Next, he worked with Don Pestarino, Mary Mazzarello and a group of girls in the hill town of Mornese. In 1871, he founded a group of religious sisters to do for girls what the Salesians were doing for boys. They were called the “Daughters of Mary Help of Christians.” In 1874, he founded yet another group: the “Salesian Cooperators.” These were mostly lay people who would work for young people like the Daughters and the Salesians, but would not join a religious order.[6]
It is not surprising then that Don Bosco’s work, spirit and spirituality quickly spread throughout Italy, then Europe and South America, soon after his death. The number of Salesian priests and brothers were merely 773. Today there are about 16,000 Salesian priests and brothers (SDB), 18,000 sisters (FMA), and tens of thousands of lay people working in every continent and most countries of the world to continue the spirit and mission of Don Bosco amongst the young.

The name ‘Salesians’
John Bosco had a great admiration for St Francis de Sales (1567-1622). Francis, who was born near Geneva, 21 August 1567, was patron saint of Piedmont and Savoy and much loved by John Bosco. He admired his joyful, optimistic spirituality and because of the gentleness of his approach, he chose him as patron of the Congregation. He wished his followers to be filled with the spirit of Francis de Sales – a kindness that was all-embracing, a gentleness that was strong, a love that was humble and a faith that was steadfast. For Francis there was no ‘religious elite’; holiness was possible for everybody no matter their position, stage or career in life. Francis used a simple metaphor to sum up his work when he said: ‘you catch more flies with a spoonful of honey than a barrel full of vinegar.’ In other words: Love is stronger than violence or force of any kind. John Bosco fully agreed and he named his Congregation after Francis de Sales, hence the name ‘Sales-ians’.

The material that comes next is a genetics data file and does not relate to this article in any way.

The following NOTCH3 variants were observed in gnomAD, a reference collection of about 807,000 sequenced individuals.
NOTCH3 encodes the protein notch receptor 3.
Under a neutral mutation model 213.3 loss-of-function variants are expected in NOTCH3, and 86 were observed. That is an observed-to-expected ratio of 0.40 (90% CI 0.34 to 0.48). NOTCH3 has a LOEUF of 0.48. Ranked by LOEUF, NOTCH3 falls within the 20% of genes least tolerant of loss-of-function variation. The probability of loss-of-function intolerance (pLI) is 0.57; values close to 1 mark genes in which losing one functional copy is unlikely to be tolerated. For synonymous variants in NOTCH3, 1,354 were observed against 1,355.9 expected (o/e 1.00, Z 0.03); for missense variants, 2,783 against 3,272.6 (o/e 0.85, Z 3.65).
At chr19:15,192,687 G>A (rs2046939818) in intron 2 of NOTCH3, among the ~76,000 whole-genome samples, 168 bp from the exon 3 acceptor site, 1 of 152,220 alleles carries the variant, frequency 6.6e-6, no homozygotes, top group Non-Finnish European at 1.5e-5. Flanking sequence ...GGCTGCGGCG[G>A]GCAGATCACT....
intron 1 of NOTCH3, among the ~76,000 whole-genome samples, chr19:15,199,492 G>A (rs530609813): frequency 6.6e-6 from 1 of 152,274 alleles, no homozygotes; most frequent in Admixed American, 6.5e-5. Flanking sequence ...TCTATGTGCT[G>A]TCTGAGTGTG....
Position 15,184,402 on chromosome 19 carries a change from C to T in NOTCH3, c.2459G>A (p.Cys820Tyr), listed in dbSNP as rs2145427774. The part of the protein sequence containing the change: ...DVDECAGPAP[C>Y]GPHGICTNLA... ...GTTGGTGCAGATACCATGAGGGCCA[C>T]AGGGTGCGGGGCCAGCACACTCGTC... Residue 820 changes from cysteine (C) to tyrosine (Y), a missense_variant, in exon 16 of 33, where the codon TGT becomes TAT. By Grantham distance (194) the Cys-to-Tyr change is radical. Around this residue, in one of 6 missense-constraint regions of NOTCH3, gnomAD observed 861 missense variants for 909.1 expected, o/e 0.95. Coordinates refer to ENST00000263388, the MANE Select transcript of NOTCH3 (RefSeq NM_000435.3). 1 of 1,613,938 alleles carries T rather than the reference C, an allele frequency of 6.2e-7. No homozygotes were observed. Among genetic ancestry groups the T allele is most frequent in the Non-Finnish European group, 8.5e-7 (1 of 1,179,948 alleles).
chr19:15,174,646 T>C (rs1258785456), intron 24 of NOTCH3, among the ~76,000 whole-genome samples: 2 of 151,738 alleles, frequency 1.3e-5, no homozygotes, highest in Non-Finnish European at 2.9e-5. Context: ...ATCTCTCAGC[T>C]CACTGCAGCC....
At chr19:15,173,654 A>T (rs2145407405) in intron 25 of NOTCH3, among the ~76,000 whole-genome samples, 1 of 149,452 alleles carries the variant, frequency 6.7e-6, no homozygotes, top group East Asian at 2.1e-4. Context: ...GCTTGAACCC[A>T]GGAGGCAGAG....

After a life of achieving so much for young people, Don Bosco died at dawn on the 31st of January 1888 at the age of 73. When others talked to him of his fantastic achievements, he would always interrupt and say ‘I have done nothing by myself. It is Our Lady who has done everything.’ Today the Salesians of Don Bosco continue this great work operating on the principles Don Bosco left us.

Born – August 16, 1815, Castelnuuovo, Piedmont, Italy
Died – January 31, 1888 (Aged 72), Turin, Italy
Beatified – June 2, 1929, Rome by Pope Pius XI
Canonized – April 1 1934, Rome by Pope Pius XI
Feast – January 31